Agriculture industry intertwined

Remember that song, “toe bone connected to the foot bone, connected to the ankle bone….?”

Agriculturists for sure know the “words to that song.”

Water is the first bone. Gotta have it. Large sections of our country, where water from the sky seldom falls, depend on irrigation water — either from rivers and lakes (snowmelt) or wells. The water (from whatever source) helps the food and fiber crops grow, the ones of most interest to livestock growers being corn and alfalfa hay.

Much of corn production has been co-opted the past few years by ethanol. Livestock producers historically have depended on corn for feed for their animals. Some use ethanol production byproducts, but they come with their own set of problems. Plus corn has many other uses. Actually, of 10,000 items in a typical grocery store, at least 2,500 use corn in some form during production and/or processing.

Don’t forget whiskey. One winter my dad had a guy hired to tend to the camp in the mountains. When he asked for a grocery list, the guy handed over a paper with one word written on it — whiskey. That’s an important connection.

Now we move on to consideration of alfalfa hay, a high water-use crop because it has a long growing season, a deep root system and dense vegetation. The main requirement is water, although other factors matter. It needs about three acre feet (36 inches) per season.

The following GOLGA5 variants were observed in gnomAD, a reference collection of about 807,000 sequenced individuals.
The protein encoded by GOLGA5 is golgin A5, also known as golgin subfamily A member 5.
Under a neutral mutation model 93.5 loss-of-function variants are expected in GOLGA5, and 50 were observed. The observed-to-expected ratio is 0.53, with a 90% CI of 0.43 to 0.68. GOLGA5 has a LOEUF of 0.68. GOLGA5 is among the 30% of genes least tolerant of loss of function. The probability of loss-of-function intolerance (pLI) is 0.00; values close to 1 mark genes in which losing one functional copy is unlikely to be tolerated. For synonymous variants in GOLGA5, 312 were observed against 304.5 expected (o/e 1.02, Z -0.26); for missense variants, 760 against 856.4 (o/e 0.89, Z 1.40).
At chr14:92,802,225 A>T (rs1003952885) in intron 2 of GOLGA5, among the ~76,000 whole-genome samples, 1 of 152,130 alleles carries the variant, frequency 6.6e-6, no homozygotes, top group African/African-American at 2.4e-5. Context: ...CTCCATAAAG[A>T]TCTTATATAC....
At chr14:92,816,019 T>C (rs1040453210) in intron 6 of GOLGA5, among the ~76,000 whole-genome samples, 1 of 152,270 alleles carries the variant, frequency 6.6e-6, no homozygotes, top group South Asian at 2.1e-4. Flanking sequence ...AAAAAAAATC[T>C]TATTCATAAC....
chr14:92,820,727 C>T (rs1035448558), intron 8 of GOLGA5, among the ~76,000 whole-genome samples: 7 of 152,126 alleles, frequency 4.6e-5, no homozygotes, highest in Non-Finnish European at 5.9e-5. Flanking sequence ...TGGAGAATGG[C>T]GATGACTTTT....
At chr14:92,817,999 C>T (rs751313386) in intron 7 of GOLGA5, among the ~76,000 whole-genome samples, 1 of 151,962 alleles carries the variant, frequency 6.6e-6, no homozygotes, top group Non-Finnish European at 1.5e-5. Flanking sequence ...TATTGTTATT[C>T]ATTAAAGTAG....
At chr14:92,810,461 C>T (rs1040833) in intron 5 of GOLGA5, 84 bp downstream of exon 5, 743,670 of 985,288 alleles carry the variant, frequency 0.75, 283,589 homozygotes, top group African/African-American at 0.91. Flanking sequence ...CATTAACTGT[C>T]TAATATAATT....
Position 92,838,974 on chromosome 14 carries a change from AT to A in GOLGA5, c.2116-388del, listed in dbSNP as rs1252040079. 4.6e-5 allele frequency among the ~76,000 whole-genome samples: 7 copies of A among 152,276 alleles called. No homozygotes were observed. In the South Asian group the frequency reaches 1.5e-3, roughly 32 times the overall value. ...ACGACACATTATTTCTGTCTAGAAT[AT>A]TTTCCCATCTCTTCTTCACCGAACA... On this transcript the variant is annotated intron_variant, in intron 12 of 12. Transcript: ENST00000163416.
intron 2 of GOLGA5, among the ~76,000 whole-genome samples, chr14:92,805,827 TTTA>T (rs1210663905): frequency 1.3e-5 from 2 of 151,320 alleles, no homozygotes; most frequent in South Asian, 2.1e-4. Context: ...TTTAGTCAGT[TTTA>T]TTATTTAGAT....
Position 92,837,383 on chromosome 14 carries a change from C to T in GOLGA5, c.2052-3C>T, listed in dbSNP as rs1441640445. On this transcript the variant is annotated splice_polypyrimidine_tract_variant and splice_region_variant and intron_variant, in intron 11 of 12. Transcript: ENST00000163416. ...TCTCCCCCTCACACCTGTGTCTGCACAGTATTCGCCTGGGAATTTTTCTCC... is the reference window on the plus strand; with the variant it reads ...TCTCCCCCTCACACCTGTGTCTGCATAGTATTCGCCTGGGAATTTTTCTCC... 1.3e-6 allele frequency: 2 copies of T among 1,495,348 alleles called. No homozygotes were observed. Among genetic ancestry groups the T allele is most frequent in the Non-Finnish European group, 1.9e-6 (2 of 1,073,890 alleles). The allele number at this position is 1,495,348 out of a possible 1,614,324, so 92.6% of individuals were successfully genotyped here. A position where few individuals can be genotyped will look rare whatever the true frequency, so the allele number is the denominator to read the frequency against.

In southern New Mexico this year the local irrigation district allocated 4 inches, and water delivery shut down in early July. That’s right — 4 inches. Those who had wells supplemented with them, but they noticed the water table went down.

In California, hay is selling for not less than $300 per ton, about $80 more than this time last year.

They have another dilemma. California is home to many dairies, and they need alfalfa for their cows. Their main problem is a bit different — competition for the limited supply of hay from foreign buyers. A Bloomberg News story reported this month that it is now cheaper to ship hay from California’s Imperial Valley to China than it is to transport it to dairies in the San Joaquin Valley. So we mustn’t forget fuel’s connection in all this craziness.

Milk prices also have increased, which is keeping dairy farmers solvent. That same phenomenon is happening with feeder and fed cattle.

Last week’s market report had 600-pound steers bringing $119 to $126 per pound. Forty years ago a set of steers weighing 600 pounds sold for $34.50 per pound. The fed market futures say steers selling this October are expected to bring about $134 per pound.

So I have a plan. How about we all plant corn in our back yards and use our kitchen sink water to grow it? Farmers’ markets would work great at harvest time.

Alfalfa might be a bit more difficult because it needs to be baled and hauled, but I bet our bright young people could figure out the connections we need.